Kosher is one of the most common words of Yiddish origin in American English. Yiddish kosher comes from Hebrew kosher (Ashkenazi pronunciation), from Hebrew kāshēr “right, fit, proper.” Kosher as an adjective “pertaining to foods prepared according to Jewish dietary law” dates from the mid-19th century; the sense “proper, legitimate” dates from the late 19th century. Kosher as a noun “kosher food, kosher store” dates from the late 19th century.

    How is kosher used?

    This is kosher. I'm an officer of the court requesting assistance from a citizen. Loren D. Estleman, King of the Corner, 1992

    Forsyth knew that was all a cover story. He knew the whole setup wasn't kosher. Michael Savage, Abuse of Power, 2011

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  • Word of the day
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    Friday, March 30, 2018

    sepulcher

    noun [sep-uh l-ker]
    a tomb, grave, or burial place.
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    What is the origin of sepulcher?

    Sepulcher comes via French from Latin sepulcrum “grave, tomb,” a derivative of the verb sepelīre “to perform the funeral rites, bury, inter.” The Latin verb comes from the Proto-Indo-European root sep- “to honor,” extended to sep-el- “sorrow, care, awe.” The same root appears in Sanskrit sapati “(he) worships, tends.” The Greek derivative of sep- is the root hep-, which usually occurs in compound verbs, e.g., amphiépein “to look after, tend to,” as in the last line of the Iliad, “Thus they tended to (amphíepon) the funeral of horse-taming Hector.” Sepulcher entered English in the 13th century.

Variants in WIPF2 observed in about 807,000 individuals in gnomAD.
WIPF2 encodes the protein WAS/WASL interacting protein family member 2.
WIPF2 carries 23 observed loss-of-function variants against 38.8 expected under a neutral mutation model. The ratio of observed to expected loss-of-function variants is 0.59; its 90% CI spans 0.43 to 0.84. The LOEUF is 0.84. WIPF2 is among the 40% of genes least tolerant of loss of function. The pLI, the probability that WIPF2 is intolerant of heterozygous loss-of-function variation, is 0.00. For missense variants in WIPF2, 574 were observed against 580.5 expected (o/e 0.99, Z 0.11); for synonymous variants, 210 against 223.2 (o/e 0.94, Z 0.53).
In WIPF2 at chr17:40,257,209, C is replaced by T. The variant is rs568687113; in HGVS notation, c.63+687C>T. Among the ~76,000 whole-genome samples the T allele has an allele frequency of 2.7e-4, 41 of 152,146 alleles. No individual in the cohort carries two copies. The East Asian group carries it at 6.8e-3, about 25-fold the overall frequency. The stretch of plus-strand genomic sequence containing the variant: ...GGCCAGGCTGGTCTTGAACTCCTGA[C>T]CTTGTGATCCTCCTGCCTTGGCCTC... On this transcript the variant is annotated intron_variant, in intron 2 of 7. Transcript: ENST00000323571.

How is sepulcher used?

    The stale suffocating room felt like a sepulcher ... Sue Monk Kidd, The Invention of Wings, 2014

    A clattering-rattling sound. A bony sound. Like the skeletons of long-dead men clawing their way out of a sepulcher. Dean Koontz, Phantoms, 1983

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  • Word of the day
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    Thursday, March 29, 2018

    gadzookery

    noun [gad-zoo-kuh-ree]
    British. the use or overuse of period-specific or archaic expressions, as in a historical novel.
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    What is the origin of gadzookery?

    Gadzookery was first recorded in 1950–1955.

    How is gadzookery used?